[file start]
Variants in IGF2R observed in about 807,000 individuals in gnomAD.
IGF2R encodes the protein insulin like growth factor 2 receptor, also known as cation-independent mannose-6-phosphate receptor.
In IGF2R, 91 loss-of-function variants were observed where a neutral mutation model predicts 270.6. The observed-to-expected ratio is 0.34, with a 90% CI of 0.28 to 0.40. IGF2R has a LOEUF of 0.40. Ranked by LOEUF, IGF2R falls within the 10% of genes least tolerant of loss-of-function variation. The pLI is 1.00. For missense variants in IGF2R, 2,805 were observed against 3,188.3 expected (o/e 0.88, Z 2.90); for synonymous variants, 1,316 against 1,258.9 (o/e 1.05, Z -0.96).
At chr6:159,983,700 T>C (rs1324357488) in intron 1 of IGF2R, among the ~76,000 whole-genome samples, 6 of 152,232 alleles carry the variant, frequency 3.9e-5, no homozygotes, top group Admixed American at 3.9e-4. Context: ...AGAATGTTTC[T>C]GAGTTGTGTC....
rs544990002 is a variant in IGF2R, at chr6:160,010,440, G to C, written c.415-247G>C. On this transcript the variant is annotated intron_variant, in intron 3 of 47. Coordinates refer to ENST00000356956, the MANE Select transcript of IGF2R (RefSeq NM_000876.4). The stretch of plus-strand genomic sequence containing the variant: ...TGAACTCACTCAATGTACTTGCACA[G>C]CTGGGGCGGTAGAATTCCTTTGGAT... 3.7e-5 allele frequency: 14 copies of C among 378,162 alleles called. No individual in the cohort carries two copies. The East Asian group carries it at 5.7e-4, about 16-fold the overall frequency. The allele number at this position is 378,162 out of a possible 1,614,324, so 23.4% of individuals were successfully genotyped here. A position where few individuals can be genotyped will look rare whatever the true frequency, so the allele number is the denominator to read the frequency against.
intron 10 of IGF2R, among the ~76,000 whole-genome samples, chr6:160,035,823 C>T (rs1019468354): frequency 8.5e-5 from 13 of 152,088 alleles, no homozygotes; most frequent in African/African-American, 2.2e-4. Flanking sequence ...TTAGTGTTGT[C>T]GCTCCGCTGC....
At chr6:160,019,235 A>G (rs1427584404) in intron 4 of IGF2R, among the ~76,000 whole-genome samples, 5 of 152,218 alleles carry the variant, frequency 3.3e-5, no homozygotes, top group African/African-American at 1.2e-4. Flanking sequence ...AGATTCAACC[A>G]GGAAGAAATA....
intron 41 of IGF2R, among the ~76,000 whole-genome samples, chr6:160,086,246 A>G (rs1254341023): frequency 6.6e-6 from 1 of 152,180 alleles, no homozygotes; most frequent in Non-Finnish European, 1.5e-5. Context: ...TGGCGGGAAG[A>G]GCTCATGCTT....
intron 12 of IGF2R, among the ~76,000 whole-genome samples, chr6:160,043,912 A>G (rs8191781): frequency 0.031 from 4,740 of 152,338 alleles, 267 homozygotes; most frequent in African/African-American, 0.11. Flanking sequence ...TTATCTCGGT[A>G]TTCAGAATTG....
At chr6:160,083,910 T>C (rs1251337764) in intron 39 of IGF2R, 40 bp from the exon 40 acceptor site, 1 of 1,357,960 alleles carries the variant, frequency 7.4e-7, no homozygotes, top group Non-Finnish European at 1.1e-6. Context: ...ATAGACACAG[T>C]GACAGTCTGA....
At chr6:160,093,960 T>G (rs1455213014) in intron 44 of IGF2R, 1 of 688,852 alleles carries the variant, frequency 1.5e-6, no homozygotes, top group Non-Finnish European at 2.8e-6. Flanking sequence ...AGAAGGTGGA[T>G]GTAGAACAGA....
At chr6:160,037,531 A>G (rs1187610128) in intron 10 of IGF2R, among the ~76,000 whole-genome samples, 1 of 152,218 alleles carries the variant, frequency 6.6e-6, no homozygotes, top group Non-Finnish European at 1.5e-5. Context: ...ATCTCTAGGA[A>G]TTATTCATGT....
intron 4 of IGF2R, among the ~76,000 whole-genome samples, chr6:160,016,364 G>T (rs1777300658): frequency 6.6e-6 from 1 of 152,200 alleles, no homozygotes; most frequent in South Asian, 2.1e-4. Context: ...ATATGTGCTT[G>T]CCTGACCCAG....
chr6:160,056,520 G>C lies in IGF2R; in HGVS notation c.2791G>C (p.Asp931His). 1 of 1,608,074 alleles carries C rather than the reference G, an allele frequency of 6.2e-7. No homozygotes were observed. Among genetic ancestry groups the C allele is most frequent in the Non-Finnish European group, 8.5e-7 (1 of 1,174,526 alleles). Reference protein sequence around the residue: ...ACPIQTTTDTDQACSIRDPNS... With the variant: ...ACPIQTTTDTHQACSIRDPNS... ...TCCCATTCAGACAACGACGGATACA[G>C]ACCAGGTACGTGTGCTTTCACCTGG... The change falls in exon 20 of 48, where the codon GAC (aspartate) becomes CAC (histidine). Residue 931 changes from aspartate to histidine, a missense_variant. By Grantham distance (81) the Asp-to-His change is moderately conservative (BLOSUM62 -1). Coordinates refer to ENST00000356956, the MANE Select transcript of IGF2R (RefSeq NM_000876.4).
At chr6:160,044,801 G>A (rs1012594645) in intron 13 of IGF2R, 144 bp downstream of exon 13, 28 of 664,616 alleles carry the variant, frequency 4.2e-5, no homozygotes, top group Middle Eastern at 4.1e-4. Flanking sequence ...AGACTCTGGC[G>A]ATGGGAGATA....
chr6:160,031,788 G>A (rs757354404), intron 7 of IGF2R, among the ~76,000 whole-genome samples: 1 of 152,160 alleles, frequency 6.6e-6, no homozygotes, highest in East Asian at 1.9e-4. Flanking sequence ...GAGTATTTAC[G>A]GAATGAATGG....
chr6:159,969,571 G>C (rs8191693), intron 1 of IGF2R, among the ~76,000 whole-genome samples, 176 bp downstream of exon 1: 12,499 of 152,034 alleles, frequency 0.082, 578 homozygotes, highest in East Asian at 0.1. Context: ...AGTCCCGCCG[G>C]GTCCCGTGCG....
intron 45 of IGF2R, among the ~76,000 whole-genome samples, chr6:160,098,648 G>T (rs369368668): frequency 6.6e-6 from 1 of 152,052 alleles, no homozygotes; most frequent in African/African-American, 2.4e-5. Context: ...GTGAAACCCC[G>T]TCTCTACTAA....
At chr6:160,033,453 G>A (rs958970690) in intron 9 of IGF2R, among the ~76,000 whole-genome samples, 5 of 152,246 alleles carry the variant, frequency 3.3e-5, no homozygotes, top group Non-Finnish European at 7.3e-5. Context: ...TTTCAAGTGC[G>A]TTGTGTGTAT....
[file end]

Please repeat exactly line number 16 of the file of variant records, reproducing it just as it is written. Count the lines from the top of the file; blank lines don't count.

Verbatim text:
chr6:160,031,788 G>A (rs757354404), intron 7 of IGF2R, among the ~76,000 whole-genome samples: 1 of 152,160 alleles, frequency 6.6e-6, no homozygotes, highest in East Asian at 1.9e-4. Flanking sequence ...GAGTATTTAC[G>A]GAATGAATGG....